Both Joe and Mr. Flie shared a few seconds of utter confusion as Joe’s father smiled brilliantly; Joe joined him as he realized what was happening. The roll of Mr. Flies’s double chin juggled as he shook his head in disbelief.

“Sir, I’m not sure what you think you saw earlier but it most definitely was your son. Now, if you refuse to allow me to apprehend him both of you are going to be in trouble — maybe even banned from ever coming here again.”

Joe’s father’s simile didn’t even waver after that rebuttal — in fact, it might have grown in size and wickedness.

“Ha! You don’t know who I am do you, Son? I’m the man who saved this country from going to war. I’m the man with extremely powerful friends — some actually sitting of the board of this establishment and much higher above of this museum that could guarantee you never worked another job again in your pitiful life. Now, Friend, don’t you as we’ll now recall that hooligan who ran off and you were about to chase?”

“I don’t care who you think you are and what friends you think you have — I’m going to report both you and your son to the poli…..”

Despite being advanced in years, the old man still moved incredibly fast; neither Joe nor Mr. Flie had time to flinch before Joe’s fathers strong hands were clasped around Mr. Flie’s neck. He slammed the gargantuan man against a wall with such strength that it caused some of the art to shake on the nails on which they were hung. With bugged-out eyes full of terror, his gut inhaling and exhaling at a rapid pace, Mr. Flie looked like a man about to meet his death. With a bony, clenched fist, Joe’s father punched Mr. Flie directly in his kidneys, causing him to lose his feet and slump down to the floor. All the commotion caused a group of onlookers to form around the trio, curious to see what was going on. Joe’s father stood over the distressed Mr. Flie; he leaned down so as to be at eye level and gripped the man’s right ear. So strong he held it that Mr. Flie let out a mighty wail; tears and sweat ran down his face. Joe’s father wiggled out his index finger as he began to address Mr. Flie once again in such a quiet, intense whisper that only Joe and Mr. Flie could understand what he was saying.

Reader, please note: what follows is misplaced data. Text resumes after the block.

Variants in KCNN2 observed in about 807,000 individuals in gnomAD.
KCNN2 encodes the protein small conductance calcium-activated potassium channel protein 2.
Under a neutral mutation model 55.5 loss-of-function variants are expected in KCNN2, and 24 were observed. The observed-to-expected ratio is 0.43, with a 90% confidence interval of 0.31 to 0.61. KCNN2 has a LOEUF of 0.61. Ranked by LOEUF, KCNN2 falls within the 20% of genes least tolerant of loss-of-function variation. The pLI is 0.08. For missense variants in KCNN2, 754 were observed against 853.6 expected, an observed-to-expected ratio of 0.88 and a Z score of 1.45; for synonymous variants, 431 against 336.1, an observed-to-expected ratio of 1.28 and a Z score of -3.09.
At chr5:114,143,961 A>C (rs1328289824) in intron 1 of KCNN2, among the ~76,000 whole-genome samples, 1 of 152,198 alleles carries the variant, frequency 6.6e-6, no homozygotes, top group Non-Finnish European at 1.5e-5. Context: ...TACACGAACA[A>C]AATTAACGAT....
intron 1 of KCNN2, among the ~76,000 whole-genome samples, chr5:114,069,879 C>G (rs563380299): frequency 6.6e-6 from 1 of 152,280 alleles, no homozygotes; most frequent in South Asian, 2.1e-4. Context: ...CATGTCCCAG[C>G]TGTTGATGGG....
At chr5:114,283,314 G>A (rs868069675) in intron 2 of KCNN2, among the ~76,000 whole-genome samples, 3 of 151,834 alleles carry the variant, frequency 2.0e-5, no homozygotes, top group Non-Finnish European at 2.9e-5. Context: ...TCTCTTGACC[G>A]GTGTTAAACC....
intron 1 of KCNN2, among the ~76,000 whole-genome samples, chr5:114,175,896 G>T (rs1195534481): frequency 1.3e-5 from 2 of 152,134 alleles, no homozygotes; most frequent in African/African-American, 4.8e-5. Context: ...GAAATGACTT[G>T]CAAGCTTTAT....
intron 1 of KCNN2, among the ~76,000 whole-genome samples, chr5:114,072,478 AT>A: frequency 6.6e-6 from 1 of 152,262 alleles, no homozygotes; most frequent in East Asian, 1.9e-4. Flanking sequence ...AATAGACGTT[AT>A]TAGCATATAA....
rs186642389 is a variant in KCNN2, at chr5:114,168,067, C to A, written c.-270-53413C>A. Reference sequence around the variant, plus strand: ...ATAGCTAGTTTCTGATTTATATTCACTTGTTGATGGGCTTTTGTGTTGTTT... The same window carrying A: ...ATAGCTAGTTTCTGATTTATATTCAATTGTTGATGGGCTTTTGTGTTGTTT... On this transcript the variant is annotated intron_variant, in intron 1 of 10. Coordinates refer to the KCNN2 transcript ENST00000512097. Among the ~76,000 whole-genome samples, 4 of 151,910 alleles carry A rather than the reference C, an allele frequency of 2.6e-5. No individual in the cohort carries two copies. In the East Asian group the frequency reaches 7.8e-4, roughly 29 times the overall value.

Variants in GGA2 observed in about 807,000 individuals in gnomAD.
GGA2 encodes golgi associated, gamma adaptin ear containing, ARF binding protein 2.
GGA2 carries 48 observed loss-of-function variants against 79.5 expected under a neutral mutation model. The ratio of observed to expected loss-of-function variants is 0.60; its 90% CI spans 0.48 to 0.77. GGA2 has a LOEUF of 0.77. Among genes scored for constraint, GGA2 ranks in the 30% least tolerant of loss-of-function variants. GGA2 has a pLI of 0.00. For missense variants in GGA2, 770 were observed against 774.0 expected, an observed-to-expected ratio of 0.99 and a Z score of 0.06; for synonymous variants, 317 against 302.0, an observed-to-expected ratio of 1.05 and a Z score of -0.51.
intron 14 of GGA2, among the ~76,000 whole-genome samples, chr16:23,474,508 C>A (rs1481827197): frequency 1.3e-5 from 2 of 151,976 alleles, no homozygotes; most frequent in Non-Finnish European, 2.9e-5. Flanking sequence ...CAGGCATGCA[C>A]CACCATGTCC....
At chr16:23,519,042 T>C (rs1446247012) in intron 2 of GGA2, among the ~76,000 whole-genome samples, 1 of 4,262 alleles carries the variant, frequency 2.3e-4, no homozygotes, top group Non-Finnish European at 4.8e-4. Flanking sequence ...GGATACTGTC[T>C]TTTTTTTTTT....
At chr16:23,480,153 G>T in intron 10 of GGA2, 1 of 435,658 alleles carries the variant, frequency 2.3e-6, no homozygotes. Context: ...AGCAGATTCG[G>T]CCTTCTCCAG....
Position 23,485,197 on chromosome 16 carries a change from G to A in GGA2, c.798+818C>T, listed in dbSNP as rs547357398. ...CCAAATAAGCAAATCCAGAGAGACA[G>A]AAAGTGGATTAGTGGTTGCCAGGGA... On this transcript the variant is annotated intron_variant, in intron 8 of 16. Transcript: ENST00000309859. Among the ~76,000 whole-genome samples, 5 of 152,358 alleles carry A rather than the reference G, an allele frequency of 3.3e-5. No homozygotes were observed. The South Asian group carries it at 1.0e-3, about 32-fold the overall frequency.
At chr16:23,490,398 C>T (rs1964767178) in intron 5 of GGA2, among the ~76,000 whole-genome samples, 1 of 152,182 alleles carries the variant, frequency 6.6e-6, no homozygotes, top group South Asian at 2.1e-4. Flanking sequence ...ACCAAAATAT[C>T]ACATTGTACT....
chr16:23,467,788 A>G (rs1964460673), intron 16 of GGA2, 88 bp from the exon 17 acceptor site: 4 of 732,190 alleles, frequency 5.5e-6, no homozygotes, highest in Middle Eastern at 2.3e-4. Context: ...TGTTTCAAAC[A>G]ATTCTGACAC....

“Listen, Old Sport, I don’t think you realize who you are dealing with here. While you were still shitting in your cloth diapers, I was overseas fighting a war to protect this country which you continue to sully. How you can bear occupying this great nation with your obese self I cannot even dream a suitable excuse. Now, if I say you have the wrong kid, you better fucking believe that you have the wrong kid. If you think that getting you fired is the worst thing that I can do to you, then you are devastatingly incorrect. I can have you buried in an unmarked grave — alive and suffering — while you are fueled with the knowledge than my men are torturing your family until they begged for their deaths. Is that really the road you want to go down, Mr. Flie? Or do you wish to drop this entire debacle and put this entire thing behind us so we can all go on our merry way?”

Mr. Flie was openly crying with shut eyes, both of his hands held up to his face as he sobbed emphatically.

“Please … please, just … just leave me alone.”


The coercive man turned from the craven fool and walked down the hall.


Joe, with thoughtful understanding of when — and, most importantly, when not — to push his good fortune, followed his father without a sound.


next: The Malevolent One – Part Four

previous: The Malevolent One – Part Two


photograph by Nabeel Sled